In honor of Queen Elizabeth II becoming the UK’s longest-reigning monarch, we’re taking a look at one of her most iconic and beloved riding horses, Burmese.
It’s no secret that Queen Elizabeth II is a lifelong, passionate horsewoman: she’s been ranked among the top breeders of bloodstock in the UK though she owns just a modest small string of racehorses and we’ve all seen and loved photos of the Queen out for a hack on an impeccably-groomed and oh-so-hairy pony — both in her childhood and in recent years. She’s been recognized by the FEI with a Lifetime Achievement Award for her dedication to the horse. And yesterday, this equestrian monarch celebrated a major achievement in becoming the longest-reigning monarch in the history of the United Kingdom: she’s held her throne for 63 years, surpassing Queen Victoria who previously held the record.
In honor of the Queen’s great milestone and her service as one of the highest-profile horseback riding devotees in the world, we’re saluting one of her most recognizable horses, the mare Burmese.
A striking black mare, Burmese was bred to be part of the Royal Canadian Mounted Police (RCMP) and was born in 1962 in Saskatchewan. The mare quickly became a favorite among RCMP recruits, who rode her for equitation practice, and by age five Burmese was the lead horse for the RCMP’s famous Musical Ride. The Musical Ride was preparing to perform at the 1969 Royal Windsor Horse Show in England when they learned that Queen Elizabeth was looking for a new riding horse. The RCMP offered their star mare to the Queen, who graciously accepted. Burmese was then carefully trained by Corporal Fred Rasmussen and presented to the Queen formally in April of 1969.
Queen Elizabeth not only rode Burmese for recreation — the Queen was reported to ride daily when she was at her country houses, no matter the weather — but also for ceremonial displays as well. In full parade regalia, the Queen aside her beautiful tall black horse were an inspiring sight.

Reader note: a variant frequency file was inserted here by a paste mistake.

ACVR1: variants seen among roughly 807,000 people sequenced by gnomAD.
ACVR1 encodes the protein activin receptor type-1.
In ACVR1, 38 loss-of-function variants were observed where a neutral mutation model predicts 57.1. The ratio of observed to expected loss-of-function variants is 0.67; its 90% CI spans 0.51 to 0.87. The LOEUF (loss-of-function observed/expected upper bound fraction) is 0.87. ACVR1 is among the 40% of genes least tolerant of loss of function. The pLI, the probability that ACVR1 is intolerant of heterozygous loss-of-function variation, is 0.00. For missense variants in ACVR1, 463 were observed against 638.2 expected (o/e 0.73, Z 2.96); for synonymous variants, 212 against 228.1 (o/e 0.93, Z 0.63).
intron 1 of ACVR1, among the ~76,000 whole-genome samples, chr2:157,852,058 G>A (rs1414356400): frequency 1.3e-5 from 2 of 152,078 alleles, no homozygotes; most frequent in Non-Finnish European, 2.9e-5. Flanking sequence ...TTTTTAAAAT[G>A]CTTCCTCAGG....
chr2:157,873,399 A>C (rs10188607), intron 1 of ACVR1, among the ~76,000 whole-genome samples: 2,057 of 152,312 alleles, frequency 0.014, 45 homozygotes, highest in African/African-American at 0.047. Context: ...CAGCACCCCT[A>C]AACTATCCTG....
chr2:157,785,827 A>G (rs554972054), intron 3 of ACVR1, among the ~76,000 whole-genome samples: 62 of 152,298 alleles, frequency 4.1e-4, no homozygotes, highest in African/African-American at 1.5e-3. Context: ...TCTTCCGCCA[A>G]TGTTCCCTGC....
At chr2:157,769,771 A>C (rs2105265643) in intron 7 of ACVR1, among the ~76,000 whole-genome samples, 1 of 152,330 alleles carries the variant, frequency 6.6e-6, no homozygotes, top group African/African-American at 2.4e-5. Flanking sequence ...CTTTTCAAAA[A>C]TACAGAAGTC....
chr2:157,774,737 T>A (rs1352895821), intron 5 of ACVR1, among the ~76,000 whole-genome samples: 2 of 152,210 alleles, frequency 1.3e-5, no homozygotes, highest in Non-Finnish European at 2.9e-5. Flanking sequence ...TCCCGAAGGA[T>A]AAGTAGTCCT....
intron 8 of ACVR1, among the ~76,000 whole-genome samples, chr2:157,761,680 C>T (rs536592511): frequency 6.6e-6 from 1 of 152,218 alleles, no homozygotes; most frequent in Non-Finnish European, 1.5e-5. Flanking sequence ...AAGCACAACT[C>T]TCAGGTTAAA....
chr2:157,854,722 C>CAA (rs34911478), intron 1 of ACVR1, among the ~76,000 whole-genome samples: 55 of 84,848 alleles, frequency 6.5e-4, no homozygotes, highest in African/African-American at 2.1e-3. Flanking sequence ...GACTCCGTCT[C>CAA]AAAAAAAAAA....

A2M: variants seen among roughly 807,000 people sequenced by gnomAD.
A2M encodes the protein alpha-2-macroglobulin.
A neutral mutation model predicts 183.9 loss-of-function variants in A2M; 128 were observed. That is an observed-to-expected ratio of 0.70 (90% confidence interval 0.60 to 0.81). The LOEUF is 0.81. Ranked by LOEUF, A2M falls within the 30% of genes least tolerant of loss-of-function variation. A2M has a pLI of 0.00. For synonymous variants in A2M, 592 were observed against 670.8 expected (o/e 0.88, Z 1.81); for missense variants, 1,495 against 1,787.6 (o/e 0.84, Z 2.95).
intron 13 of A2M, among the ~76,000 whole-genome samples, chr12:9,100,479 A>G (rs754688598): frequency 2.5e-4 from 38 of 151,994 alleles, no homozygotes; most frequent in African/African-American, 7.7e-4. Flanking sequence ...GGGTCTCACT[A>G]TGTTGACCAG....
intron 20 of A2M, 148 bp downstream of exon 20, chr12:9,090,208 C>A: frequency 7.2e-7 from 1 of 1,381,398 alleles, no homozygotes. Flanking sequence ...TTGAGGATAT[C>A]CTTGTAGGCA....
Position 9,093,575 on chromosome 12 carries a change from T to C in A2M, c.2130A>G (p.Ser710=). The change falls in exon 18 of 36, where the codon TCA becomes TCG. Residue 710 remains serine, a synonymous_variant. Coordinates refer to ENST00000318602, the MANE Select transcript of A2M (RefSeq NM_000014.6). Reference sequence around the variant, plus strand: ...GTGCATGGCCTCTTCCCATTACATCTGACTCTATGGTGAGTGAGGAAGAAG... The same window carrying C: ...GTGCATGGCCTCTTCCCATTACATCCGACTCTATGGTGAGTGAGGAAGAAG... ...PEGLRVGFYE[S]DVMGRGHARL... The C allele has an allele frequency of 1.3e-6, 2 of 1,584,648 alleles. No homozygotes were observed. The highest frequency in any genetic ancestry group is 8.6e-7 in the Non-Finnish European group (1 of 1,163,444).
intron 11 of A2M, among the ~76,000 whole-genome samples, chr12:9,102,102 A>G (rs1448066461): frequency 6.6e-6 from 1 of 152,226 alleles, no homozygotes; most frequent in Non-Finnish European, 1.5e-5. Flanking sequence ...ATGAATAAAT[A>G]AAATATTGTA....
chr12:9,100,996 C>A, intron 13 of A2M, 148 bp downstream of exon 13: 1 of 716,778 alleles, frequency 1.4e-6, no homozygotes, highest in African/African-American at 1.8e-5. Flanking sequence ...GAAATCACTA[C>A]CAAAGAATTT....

Both the Queen’s horsemanship and Burmese’s courage were tested in a famous incident at one such ceremonial ride: on June 13, 1981 at the Trooping of the Color, the Queen and Burmese were leading the parade through the streets of London when a teenager in the crowd fired six blanks at the monarch. Burmese started visibly (as would most horses!) but Queen Elizabeth quickly got the mare back under control and carried on, patting her shoulder to reassure the horse.
This video from the incident shows Queen Elizabeth quickly steadying her horse — while the Queen looks shaken by the events, it’s also amazing to see her rock-steady equitation in a sidesaddle.
The Queen continued to ride Burmese for ceremonial occasions despite this frightening moment. A famous photograph depicts the Queen and US President Reagan out on a hack during the president’s state visit in 1982. Reagan was mounted on another horse that was part of the RCMP’s equine gift.
Burmese was retired from riding in 1987, after serving the Queen as a riding mount as well as a ceremonial mount for 18 straight appearances at the Trooping of the Color. Strict orders were given that Burmese was not to be ridden by anyone; she was turned out to pasture at Windsor Castle in a location where Queen Elizabeth could see her on her visits. At the age of 28 in 1990, Burmese passed away and was buried on the grounds of Windsor — an unusual honor.
To commemorate her beloved partner, the Queen commissioned a bronze statue of herself aside Burmese; the statue was revealed in 2005 in front of the Saskatchewan Legislative Building in Regina, Canada, the province where Burmese was born. Through the statue, the RCMP’s royal gift was honored and the image of the Queen’s beloved black mare was able to live on.
Go Queen Elizabeth II, and go riding!